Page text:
The central figure of God's plan is David, featured as the main character of the genealogies (1-9), superseding Saul (10), and divinely enthroned via mighty men (11-12).   The Davidic covenant pointed to the eternal king, who would sit on David's throne, a buoy of hope to an Israelite treading water in a diminished new national era.  Recorded as David's first act is bringing the ark to Jerusalem, an attempt met by great failure.  Again in the final chapter (16), that defeat came from a wrong thinking about God, a necessary underpinning for the true and eternal worship God sought from men.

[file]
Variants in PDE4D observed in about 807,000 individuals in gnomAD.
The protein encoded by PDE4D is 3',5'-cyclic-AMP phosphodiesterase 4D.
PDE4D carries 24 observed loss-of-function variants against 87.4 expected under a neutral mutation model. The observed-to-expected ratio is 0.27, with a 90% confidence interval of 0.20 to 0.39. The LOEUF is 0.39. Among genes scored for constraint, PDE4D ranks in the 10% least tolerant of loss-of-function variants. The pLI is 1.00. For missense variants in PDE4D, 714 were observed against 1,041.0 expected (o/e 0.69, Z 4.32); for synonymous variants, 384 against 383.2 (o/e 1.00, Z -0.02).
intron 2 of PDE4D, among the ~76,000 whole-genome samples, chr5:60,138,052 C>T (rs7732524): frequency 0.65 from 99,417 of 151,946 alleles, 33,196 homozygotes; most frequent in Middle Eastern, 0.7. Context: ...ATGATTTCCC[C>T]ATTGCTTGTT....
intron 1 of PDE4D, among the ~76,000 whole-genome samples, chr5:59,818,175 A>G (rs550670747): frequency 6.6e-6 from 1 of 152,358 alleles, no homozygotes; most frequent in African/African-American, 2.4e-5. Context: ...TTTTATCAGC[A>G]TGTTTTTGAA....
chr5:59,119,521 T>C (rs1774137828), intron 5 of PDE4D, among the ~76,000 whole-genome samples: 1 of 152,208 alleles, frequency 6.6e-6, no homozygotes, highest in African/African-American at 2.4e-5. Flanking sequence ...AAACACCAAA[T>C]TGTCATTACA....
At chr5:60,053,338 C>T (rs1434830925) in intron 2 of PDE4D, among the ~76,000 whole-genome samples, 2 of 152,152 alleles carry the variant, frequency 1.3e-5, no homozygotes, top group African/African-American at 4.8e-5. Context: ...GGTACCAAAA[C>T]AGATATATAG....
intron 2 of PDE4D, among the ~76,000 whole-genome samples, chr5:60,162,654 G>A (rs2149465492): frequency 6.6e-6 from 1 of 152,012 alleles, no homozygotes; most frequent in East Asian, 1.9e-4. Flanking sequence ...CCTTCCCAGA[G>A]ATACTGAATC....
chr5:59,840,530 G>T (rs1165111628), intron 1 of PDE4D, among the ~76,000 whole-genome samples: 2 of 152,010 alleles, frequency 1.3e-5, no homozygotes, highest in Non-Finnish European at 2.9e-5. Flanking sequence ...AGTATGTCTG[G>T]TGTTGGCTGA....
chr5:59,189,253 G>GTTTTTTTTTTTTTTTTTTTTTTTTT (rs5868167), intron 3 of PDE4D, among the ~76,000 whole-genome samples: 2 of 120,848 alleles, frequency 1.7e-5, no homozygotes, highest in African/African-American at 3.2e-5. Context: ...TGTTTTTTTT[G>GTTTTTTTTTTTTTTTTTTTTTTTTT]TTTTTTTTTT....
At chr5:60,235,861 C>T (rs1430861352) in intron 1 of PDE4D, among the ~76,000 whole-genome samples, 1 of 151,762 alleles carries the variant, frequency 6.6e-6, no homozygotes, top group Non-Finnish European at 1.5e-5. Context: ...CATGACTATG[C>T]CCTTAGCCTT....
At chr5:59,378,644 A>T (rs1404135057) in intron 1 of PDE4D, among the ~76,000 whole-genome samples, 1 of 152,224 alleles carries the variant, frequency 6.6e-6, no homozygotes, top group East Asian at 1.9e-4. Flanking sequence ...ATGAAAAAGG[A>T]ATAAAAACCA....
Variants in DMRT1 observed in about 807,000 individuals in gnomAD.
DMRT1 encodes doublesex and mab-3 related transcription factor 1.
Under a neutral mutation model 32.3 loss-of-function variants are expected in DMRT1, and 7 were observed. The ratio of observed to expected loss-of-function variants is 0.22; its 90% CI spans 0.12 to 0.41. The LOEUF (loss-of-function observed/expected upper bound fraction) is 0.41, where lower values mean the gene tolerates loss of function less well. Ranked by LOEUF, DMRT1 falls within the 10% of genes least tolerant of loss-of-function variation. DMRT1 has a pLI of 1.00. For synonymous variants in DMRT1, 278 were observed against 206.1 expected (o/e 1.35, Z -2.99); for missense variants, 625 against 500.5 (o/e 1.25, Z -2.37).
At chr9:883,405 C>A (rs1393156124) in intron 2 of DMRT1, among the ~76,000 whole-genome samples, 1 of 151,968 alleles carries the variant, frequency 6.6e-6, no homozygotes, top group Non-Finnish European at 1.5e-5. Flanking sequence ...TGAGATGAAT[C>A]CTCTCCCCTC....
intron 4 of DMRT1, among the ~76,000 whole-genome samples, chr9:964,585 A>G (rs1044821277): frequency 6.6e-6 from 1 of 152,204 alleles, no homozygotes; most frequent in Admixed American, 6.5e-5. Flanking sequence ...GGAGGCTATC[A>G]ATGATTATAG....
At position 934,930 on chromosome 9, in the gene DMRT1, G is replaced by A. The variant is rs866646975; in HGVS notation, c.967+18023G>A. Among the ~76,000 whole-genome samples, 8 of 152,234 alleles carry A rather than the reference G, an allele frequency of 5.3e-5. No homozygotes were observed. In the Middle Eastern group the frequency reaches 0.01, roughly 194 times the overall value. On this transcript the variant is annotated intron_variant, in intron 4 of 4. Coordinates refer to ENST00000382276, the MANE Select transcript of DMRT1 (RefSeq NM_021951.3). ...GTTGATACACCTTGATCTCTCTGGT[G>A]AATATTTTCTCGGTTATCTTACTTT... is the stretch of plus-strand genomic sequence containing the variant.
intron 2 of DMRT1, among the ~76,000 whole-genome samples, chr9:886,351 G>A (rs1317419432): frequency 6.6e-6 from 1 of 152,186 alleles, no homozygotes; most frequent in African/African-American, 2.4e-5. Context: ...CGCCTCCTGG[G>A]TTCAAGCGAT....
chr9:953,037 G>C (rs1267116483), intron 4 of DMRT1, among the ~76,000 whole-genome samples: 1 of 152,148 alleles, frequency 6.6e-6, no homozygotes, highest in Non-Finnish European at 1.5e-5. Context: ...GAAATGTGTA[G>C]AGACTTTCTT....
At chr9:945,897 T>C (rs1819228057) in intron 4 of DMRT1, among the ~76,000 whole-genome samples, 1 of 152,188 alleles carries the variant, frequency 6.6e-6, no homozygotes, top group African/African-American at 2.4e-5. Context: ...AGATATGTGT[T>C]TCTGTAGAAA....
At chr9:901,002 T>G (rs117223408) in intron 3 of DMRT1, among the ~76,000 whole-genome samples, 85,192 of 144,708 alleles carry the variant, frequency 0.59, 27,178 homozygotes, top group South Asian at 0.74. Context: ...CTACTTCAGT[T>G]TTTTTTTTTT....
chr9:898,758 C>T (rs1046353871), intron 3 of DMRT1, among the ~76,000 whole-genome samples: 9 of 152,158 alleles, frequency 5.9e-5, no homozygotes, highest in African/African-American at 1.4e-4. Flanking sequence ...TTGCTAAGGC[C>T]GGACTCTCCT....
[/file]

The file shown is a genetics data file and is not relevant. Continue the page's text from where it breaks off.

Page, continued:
I believe an amazing statement is made by David in his fruit of repentance (15:2):  "None ought to carry the ark of God but the Levites: for them hath the Lord chosen to carry the ark of God, and to minister unto him for ever."  Last part.  The Lord chose the Levites "to minister unto him for ever."  Forever.  You read that right.  If God chose the Levites to minister unto forever, that meant that (1) God wasn't through with Israel and (2) He wanted to be and would be worshiped for ever.  This worship in this period of Israel's national history was a cross section or microcosm (whichever way you might choose to look at it) of eternal worship.  The Levitical worship was a shadow of the eternal reality.  And, of course, Jesus makes us both kings and priests.  Perhaps we see here that worship in the eternal state might be an eternal reality reflected in the Levitical worship.  We know that a similar worship will occur in the millennial kingdom.  Whatever worship we're doing now even in our churches operates within a larger context of perpetual worship of God.  We're in a line of worshipers with God's purpose fulfilled in worship.